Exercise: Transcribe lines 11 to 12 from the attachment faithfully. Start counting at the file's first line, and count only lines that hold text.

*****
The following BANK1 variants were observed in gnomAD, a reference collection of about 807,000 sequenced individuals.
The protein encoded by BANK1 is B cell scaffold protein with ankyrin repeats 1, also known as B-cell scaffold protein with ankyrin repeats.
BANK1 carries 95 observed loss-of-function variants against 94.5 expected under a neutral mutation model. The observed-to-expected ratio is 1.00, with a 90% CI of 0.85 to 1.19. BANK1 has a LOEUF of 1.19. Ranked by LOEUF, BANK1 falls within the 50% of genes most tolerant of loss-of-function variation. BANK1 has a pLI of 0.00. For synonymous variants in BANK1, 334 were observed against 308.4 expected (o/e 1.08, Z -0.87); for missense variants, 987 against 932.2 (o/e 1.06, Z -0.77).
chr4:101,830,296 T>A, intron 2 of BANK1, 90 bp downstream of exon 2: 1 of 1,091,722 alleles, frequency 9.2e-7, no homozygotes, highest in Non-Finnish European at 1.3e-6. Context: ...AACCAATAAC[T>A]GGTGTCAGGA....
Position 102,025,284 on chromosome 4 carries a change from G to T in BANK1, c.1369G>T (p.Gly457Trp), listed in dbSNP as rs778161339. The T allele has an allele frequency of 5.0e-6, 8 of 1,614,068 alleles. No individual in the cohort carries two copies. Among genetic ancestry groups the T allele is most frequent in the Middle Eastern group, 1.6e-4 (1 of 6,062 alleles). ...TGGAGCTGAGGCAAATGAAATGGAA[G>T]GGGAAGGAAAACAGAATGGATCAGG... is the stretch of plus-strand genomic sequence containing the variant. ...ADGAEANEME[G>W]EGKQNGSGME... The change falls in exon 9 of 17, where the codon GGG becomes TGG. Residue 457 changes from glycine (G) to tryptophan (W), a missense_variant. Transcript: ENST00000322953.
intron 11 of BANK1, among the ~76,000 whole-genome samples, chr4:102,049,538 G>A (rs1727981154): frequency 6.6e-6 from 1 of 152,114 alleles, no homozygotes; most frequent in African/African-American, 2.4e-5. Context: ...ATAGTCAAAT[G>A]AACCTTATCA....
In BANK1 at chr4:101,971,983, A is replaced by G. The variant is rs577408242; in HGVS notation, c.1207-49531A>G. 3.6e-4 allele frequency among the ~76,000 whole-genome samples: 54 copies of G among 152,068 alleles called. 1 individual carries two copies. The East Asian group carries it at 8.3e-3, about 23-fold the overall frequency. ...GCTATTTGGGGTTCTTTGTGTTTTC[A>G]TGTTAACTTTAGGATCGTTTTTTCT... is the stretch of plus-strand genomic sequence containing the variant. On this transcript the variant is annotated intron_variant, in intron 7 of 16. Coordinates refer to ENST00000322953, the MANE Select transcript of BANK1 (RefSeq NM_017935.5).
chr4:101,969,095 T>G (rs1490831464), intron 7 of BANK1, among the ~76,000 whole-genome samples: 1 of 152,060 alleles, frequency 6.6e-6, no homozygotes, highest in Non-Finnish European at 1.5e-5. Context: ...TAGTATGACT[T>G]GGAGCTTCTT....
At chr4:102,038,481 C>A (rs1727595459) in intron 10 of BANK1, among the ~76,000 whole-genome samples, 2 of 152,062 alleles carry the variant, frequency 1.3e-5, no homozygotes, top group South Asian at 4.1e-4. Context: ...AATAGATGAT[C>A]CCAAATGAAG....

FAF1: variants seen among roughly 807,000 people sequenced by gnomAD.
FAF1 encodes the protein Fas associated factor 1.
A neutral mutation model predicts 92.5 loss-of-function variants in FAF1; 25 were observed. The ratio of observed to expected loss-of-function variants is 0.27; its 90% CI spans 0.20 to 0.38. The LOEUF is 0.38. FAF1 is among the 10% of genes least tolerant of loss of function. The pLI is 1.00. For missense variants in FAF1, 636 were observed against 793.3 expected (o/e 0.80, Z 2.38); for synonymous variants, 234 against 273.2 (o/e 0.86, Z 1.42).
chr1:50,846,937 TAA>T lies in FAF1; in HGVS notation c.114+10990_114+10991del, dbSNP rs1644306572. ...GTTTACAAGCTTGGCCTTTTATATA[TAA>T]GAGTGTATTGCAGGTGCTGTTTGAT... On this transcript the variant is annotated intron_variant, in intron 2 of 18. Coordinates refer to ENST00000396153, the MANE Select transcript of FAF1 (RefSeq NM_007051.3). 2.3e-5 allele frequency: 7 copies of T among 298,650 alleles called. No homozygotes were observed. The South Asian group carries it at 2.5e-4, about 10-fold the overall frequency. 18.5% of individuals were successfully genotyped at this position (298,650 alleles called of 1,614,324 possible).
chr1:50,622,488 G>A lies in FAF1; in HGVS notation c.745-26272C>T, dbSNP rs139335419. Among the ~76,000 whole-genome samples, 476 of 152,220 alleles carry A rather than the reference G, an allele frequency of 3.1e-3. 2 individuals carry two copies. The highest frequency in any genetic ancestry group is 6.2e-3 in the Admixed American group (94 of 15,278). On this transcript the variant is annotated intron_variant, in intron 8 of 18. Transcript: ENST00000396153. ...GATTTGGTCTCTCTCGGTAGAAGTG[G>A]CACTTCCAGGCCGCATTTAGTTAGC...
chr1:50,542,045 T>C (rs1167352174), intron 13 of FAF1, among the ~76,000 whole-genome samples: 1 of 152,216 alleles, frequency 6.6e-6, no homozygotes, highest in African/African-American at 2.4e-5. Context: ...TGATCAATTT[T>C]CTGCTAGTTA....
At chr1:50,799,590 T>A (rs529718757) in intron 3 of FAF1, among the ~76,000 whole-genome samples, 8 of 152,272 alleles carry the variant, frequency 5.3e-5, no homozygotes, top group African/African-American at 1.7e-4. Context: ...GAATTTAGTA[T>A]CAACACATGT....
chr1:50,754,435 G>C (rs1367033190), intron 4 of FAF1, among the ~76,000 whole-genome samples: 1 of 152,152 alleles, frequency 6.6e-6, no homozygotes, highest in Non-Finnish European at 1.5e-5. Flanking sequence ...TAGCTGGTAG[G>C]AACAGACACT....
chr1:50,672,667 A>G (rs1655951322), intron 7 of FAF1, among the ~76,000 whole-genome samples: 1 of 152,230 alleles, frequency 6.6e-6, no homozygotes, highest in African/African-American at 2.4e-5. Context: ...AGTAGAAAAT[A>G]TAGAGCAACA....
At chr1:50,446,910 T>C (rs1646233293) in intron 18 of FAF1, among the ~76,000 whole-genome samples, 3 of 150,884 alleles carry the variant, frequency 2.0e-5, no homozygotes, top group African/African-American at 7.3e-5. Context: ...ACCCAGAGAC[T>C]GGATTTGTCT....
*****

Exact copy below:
FAF1 encodes the protein Fas associated factor 1.
A neutral mutation model predicts 92.5 loss-of-function variants in FAF1; 25 were observed. The ratio of observed to expected loss-of-function variants is 0.27; its 90% CI spans 0.20 to 0.38. The LOEUF is 0.38. FAF1 is among the 10% of genes least tolerant of loss of function. The pLI is 1.00. For missense variants in FAF1, 636 were observed against 793.3 expected (o/e 0.80, Z 2.38); for synonymous variants, 234 against 273.2 (o/e 0.86, Z 1.42).